“The free-traders are on the defensive. The Democratic view of the global economy has grown unremittingly grim. When John Edwards talks about the economy, you think he’s running for the Democratic nomination of 1932,” Mr. Brooks wrote.

“Which is why the report to be released [today] by the Democratic activist group Third Way is so remarkable. Here is a group of Democratic economists and strategists who are taking on the rising neopopulists.

“The first thing their report, ‘The New Rules Economy,’ does is challenge the neopopulist depiction of economic reality. Neopopulists are good at describing the suffering in towns like Mansfield, Ohio, and Flint, Mich. But they act as if they’ve never been to Charlotte or Phoenix, where office parks are shooting up.

“The authors of this report, Anne Kim, Adam Solomon, Jim Kessler and Stephen Rose, try to blend all the diverse pieces of American reality, and to expose what they call ‘the myths of neopopulism,’ ” Mr. Brooks said, such as the myth of the failing middle class, the myth of stagnant living standards, and the myth of wildly increasing income volatility.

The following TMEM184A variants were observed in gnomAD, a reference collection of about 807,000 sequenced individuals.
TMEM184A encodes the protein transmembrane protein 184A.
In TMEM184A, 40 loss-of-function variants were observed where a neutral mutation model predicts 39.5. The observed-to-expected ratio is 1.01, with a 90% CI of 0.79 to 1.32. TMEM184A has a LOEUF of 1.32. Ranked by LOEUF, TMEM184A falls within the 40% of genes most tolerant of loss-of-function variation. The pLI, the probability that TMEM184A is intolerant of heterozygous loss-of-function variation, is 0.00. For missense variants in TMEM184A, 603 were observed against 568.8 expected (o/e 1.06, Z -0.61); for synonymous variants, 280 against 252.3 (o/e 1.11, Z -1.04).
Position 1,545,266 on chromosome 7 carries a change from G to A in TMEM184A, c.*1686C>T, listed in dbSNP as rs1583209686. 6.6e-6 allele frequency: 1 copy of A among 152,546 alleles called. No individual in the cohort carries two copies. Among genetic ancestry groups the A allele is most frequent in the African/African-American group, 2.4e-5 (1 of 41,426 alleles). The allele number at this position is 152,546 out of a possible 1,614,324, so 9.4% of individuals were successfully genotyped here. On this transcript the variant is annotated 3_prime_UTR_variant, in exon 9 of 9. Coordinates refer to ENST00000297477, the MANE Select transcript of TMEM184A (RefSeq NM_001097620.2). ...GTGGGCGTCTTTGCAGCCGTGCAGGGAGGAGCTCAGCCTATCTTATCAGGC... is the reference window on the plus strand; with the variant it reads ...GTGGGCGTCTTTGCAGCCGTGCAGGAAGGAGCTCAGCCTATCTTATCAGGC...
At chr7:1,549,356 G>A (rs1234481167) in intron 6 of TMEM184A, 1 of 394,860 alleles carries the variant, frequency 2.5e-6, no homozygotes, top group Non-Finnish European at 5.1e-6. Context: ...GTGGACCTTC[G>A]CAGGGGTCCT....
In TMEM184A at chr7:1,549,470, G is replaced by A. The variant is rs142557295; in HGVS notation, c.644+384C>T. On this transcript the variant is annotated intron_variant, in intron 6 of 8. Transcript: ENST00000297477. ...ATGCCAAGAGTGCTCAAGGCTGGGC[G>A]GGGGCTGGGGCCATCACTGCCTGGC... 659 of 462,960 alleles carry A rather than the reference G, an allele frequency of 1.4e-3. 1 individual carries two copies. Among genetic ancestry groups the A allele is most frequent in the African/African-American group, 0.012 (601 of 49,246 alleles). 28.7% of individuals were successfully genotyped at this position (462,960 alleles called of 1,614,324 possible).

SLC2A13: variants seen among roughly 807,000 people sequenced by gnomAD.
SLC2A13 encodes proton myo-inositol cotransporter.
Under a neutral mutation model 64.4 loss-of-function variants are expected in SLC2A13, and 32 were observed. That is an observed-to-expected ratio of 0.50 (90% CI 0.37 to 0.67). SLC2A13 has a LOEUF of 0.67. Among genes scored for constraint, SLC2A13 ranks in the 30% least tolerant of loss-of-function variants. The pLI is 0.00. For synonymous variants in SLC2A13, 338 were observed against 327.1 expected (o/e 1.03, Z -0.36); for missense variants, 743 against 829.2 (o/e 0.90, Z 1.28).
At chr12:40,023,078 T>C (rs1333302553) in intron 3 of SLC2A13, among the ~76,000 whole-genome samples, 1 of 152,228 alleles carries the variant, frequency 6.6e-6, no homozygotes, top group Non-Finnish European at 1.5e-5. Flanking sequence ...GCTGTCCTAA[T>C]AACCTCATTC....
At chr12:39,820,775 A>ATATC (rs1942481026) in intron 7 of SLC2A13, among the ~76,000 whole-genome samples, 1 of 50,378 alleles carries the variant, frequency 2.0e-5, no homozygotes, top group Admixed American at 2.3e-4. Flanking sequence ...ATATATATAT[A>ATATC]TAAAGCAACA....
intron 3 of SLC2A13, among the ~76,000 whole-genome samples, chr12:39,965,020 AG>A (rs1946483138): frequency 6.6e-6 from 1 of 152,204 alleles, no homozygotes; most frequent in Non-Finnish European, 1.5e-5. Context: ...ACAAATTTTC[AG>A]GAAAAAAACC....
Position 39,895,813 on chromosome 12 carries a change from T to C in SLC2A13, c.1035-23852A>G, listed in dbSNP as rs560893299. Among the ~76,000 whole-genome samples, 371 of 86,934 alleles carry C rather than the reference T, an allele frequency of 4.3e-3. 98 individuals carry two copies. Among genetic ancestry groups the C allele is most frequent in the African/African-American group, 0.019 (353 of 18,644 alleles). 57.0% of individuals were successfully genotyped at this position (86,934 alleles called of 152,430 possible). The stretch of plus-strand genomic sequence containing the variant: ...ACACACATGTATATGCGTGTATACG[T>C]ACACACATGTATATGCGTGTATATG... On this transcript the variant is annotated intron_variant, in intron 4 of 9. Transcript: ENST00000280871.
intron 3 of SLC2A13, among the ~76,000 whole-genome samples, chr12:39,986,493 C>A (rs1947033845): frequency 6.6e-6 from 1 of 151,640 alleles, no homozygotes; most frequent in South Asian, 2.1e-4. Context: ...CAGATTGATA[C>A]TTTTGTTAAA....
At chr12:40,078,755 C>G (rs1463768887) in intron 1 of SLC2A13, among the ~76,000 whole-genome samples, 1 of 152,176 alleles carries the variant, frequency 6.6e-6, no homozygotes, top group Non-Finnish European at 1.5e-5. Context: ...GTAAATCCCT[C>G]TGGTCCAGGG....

Obama’s faith

Democratic presidential candidate Barack Obama said yesterday he does not think voters have a litmus test on religion, whether evangelical Christianity or his childhood years in the Muslim faith.

“If your name is Barack Hussein Obama, you can expect it, some of that. I think the majority of voters know that I’m a member of the United Church of Christ, and that I take my faith seriously,” Mr. Obama said in an interview with the Associated Press.

“Ultimately, what I think voters will be looking for is not so much a litmus test on faith as an assurance that a candidate has a value system and that is appreciative of the role that religious faith can play in helping shape people’s lives,” he said.